Church Leaders in South Sudan Launch COVID-19 Trauma Healing Helpline Center

Fr. James Oyet Latansio (Center), UK ambassador Christopher Trott (left) and Christian Aid Country Director (right) after the launch a helpline center for psychosocial and trauma healing of the people affected by COVID-19 in South Sudan.

Representatives of churches in South Sudan have partnered with Christian Aid of the Government of UK to establish a helpline center for psychosocial and trauma healing of the people affected by COVID-19, an official of their collective forum, the South Sudan Council of Churches (SSCC) has told ACI Africa.

“We are launching the psychosocial and trauma care helpline services and we have opened a Toll-Free number (2222) where any South Sudanese citizen can call to speak to our counselors,” SSCC Secretary General, Fr. James Oyet Latansio told ACI Africa in an interview after the launch, Monday, June 15.

SSCC’s COVID-19 Helpline Center for psychosocial and trauma healing is manned by experienced counselors with a mission to offer basic psychosocial counselling and follow-up to clients in a state of distress as well as provide access to factual and evidence-based information, Fr. James said.

“For the start, we are starting with six counselors and three youth volunteers who will always answer the phones,” he said and added, “The time will start from nine in the morning up to one o’clock, and then we have a lunch break, then from two o’clock up to four o’clock.”

The overall objective of the center is to improve psychosocial wellbeing and decrease distress among South Sudanese populations and citizens directly and indirectly affected by COVID-19 pandemic and other sorts of violence, according to Fr. James.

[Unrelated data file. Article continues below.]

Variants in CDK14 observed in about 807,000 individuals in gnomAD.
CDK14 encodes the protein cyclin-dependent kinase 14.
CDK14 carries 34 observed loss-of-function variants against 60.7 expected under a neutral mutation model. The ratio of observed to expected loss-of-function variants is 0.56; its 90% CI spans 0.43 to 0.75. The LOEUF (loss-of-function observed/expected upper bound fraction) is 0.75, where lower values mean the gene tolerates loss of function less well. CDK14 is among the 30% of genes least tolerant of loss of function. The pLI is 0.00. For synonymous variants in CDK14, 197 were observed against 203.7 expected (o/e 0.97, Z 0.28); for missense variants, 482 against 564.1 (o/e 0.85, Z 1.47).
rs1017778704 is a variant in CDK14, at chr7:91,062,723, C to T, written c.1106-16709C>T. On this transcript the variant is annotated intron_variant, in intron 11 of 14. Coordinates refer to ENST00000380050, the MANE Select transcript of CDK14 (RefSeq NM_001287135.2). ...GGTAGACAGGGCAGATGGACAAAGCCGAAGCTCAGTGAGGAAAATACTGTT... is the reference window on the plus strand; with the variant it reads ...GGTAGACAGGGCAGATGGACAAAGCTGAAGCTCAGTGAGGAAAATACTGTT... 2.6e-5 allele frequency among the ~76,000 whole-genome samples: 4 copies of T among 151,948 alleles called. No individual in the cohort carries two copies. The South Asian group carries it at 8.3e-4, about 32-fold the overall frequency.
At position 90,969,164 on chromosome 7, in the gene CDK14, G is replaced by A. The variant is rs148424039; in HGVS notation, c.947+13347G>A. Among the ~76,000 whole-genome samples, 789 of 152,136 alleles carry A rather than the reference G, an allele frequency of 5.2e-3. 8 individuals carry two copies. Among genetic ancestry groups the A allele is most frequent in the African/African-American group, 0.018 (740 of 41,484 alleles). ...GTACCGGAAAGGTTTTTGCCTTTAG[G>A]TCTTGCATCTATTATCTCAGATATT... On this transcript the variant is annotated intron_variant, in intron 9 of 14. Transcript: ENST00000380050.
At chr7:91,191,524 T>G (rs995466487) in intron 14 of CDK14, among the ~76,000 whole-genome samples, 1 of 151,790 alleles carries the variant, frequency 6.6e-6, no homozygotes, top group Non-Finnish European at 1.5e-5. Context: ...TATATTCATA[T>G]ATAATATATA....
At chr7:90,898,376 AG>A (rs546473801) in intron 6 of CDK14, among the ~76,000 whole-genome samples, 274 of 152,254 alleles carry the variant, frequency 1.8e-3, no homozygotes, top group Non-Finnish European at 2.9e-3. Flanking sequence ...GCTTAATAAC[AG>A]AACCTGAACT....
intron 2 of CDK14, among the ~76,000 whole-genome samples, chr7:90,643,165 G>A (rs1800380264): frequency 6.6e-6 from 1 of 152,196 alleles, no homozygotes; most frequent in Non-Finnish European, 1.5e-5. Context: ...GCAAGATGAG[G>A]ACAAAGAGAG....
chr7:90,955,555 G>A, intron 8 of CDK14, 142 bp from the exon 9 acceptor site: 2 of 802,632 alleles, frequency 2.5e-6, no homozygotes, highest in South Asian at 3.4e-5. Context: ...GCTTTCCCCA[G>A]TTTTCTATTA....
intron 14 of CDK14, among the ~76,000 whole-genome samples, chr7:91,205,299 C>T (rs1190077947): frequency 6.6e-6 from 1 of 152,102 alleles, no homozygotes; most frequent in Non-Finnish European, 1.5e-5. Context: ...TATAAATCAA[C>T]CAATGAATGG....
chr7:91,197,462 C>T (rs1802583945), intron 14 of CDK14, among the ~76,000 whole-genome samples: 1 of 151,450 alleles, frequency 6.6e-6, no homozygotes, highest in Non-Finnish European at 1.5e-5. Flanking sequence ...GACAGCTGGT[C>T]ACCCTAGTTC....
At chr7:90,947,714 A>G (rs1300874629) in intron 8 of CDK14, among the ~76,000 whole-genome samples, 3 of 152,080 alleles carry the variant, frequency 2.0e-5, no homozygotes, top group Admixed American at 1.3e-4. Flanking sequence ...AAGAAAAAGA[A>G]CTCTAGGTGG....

The specific objective as displayed on the center’s banner is “To mobilize Religious leaders, churches and other communities of faith against COVID-19 pandemic by managing psychosocial impact, beliefs, attitudes and social stigma.”  

The Secretary General of the Council said the toll Center will avail a forum for which citizens would be heard.

“COVID-19 has come with all its impacts, with stigma, with pain, with tears, and all its problems and many South Sudanese were not prepared for this,” the South Sudanese Cleric said.

He added, “As a way to break the silence of the victims, there is a council behind the telephone line to listen to you, to share with you, to attend to you, even to shed tears with you because at times we find ourselves with nowhere to go, with no one to call.”

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The Center has started off with MTN as the telecommunication service provider and will later include Zain among the service providers, Fr. James said.

The Cleric of South Sudan’s Yei Diocese further said that the toll-free line will be handling 12 calls at the same time but it is first going to commence with six calls on MTN line alone.

“When there will be the Zain line, 12 people will be speaking at the same time, but now at the start only six people will be speaking,” said Fr. James.

“You don’t need to have airtime in your phone, all you need is a battery to be strong,” he disclosed.

He expressed optimism that the Council of Churches will receive future donations from well-wishers to help in responding to the spiritual needs affecting the people of South Sudan.


Speaking to the press Monday, June 15, Christian Aid Country Director, James Wain, said the assistance provided by the UK government to propel the church initiative of pastoral and psychosocial support will run for six months.

“The support provided to us is able to pay salaries of volunteers; we are also supporting the church to cover the basic running cost of the service from the center,” Mr. Wani said.

He added, “What we have is sufficient enough to run the Center for at least six months. In terms of cash, we are looking at around 45 to 50,000 British pounds.”